to give emphasis or prominence to.
to mark or pronounce with an .
Contemporary Examples

Social forces in Britain today will accentuate these trends.
The Downside of Brit-Bashing Joel Kotkin June 15, 2010

A situation like the current one is likely to accentuate his weakness.
After the Israel Synagogue Massacre: A New Intifada? Michael Tomasky November 18, 2014

With the lines drawn for November, Republicans tended to accentuate the positive.
African-Americans Nowhere to Be Found in Romney’s Orbit Harry Siegel, Ben Jacobs April 10, 2012

In the film, Cattrall carries an extra 20 pounds and does everything to accentuate her age.
Kim Cattrall Strips Down Gina Piccalo April 6, 2011

And we have every reason for this split to continue and accentuate itself tonight.
The Old and White vs. The Young and Brown Matthew Zeitlin November 6, 2012

Historical Examples

Though Ruth was very much annoyed, the incident seemingly served to accentuate Winfield’s enjoyment.
Lavender and Old Lace Myrtle Reed

A method of distinction so cheap that fools employ it to accentuate their incapacity.
The Devil’s Dictionary Ambrose Bierce

He might want to emphasize a long, low room by horizontal lines, or to accentuate a lofty one by verticals.
Line and Form (1900) Walter Crane

But this only appeared to accentuate the profound stillness.
Snow-Bound at Eagle’s Bret Harte

They were called from their cells merely to accentuate his disgrace.
The Jesuits, 1534-1921 Thomas J. Campbell

(transitive) to stress or emphasize

1731, from Medieval Latin accentuatus, past participle of accentuare “to accent,” from Latin accentus (see accent (n.)). Originally “to pronounce with an accent;” meaning “emphasize” is recorded from 1865.

You’ve got to accentuate the positive
Eliminate the negative
Latch on to the affirmative
Don’t mess with Mister In-Between

[“Ac-Cent-Tchu-Ate the Positive,” 1944, music by Harold Arlen, lyrics by Johnny Mercer]

Related: Accentuated; accentuating.

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  • Accentuated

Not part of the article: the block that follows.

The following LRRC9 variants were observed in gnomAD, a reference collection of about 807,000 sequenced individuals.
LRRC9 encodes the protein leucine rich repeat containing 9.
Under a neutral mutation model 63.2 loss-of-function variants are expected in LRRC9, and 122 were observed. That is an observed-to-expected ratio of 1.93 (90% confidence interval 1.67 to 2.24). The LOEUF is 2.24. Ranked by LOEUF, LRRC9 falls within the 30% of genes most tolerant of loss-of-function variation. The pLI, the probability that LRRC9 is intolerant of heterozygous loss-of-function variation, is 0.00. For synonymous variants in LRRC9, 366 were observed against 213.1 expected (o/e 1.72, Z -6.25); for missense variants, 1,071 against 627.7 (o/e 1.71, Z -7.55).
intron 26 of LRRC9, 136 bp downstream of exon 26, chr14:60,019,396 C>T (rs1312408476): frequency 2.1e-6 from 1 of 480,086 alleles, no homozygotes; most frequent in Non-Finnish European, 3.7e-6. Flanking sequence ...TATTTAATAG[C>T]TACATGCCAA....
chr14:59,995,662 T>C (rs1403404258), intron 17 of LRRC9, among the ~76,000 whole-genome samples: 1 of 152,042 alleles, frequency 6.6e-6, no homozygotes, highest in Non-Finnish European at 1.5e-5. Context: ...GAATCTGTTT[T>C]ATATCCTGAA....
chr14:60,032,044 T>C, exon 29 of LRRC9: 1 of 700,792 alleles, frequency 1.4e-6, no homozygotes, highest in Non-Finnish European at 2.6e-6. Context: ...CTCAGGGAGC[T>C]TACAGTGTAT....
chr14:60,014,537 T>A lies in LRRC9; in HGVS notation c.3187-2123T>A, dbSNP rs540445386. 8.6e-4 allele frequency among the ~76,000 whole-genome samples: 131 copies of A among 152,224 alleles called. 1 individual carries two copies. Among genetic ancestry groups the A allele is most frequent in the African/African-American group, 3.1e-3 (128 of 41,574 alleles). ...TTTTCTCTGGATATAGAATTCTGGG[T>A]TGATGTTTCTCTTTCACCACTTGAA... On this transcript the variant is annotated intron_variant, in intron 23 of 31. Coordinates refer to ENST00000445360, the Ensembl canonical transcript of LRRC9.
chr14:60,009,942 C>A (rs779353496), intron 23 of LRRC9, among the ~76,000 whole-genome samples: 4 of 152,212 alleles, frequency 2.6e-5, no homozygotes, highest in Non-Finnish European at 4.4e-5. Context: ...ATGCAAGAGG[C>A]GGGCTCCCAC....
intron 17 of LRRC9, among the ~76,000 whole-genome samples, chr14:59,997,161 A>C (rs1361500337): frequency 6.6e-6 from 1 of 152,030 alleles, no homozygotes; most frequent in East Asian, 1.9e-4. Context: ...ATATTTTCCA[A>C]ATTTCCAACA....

to give emphasis or prominence to. to mark or pronounce with an . Contemporary Examples Her pixie haircut, a few months post-chemo, accentuated her ski-slope nose and flirty smile. The Stripper Who Lost a Breast Melissa Lion August 20, 2009 Historical Examples Each of the four actions of the muscles should be carefully distinguished and […]

  • Accentuating

    to give emphasis or prominence to. to mark or pronounce with an . Historical Examples I shall be able to cast a glance at my fifty volumes, tearing out the bad pages, accentuating the best ones. Balzac Frederick Lawton Now it rose, now it fell, accentuating the silence dense about it. The Speaker, No. 5: […]

  • Accentuation

    an act or instance of . something that is . Historical Examples The unit of displacement becomes the whole period intervening between any two adjacent points of accentuation. Harvard Psychological Studies, Volume 1 Various If there is little inflection and no accentuation the result is bad. The Strand Magazine Various Otherwise the original has been […]

  • Accentuator

    Electronics. a circuit or network inserted to provide less loss or greater gain to certain frequencies in an audio spectrum, as a preemphasis spectrum. a person or thing that . accentuator ac·cen·tu·a·tor (āk-sěn’chōō-ā’tər) n. A substance, such as aniline, that allows an otherwise impossible combination between a histologic element and a stain.

  • Accept of

    to take or receive (something offered); receive with approval or favor: to accept a present; to accept a proposal. to agree or consent to; accede to: to accept a treaty; to accept an apology. to respond or answer affirmatively to: to accept an invitation. to undertake the responsibility, duties, honors, etc., of: to accept the […]

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